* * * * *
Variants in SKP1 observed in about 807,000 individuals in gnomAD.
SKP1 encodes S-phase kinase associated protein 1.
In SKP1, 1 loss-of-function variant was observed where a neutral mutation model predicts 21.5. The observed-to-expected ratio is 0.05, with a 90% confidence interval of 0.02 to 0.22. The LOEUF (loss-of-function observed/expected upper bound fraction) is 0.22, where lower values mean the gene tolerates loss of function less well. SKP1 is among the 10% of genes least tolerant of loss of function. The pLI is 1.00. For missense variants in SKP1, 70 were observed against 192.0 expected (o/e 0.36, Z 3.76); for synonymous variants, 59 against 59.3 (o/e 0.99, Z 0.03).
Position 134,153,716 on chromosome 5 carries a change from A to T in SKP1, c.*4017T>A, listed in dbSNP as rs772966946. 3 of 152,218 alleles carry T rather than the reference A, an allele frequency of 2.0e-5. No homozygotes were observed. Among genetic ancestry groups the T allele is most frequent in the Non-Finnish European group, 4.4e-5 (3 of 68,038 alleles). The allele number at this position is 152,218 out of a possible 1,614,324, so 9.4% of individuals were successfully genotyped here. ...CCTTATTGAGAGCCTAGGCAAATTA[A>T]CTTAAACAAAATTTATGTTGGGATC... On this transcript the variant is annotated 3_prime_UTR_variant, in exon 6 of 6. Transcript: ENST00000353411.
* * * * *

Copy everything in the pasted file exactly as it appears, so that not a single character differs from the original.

Variants in SKP1 observed in about 807,000 individuals in gnomAD.
SKP1 encodes S-phase kinase associated protein 1.
In SKP1, 1 loss-of-function variant was observed where a neutral mutation model predicts 21.5. The observed-to-expected ratio is 0.05, with a 90% confidence interval of 0.02 to 0.22. The LOEUF (loss-of-function observed/expected upper bound fraction) is 0.22, where lower values mean the gene tolerates loss of function less well. SKP1 is among the 10% of genes least tolerant of loss of function. The pLI is 1.00. For missense variants in SKP1, 70 were observed against 192.0 expected (o/e 0.36, Z 3.76); for synonymous variants, 59 against 59.3 (o/e 0.99, Z 0.03).
Position 134,153,716 on chromosome 5 carries a change from A to T in SKP1, c.*4017T>A, listed in dbSNP as rs772966946. 3 of 152,218 alleles carry T rather than the reference A, an allele frequency of 2.0e-5. No homozygotes were observed. Among genetic ancestry groups the T allele is most frequent in the Non-Finnish European group, 4.4e-5 (3 of 68,038 alleles). The allele number at this position is 152,218 out of a possible 1,614,324, so 9.4% of individuals were successfully genotyped here. ...CCTTATTGAGAGCCTAGGCAAATTA[A>T]CTTAAACAAAATTTATGTTGGGATC... On this transcript the variant is annotated 3_prime_UTR_variant, in exon 6 of 6. Transcript: ENST00000353411.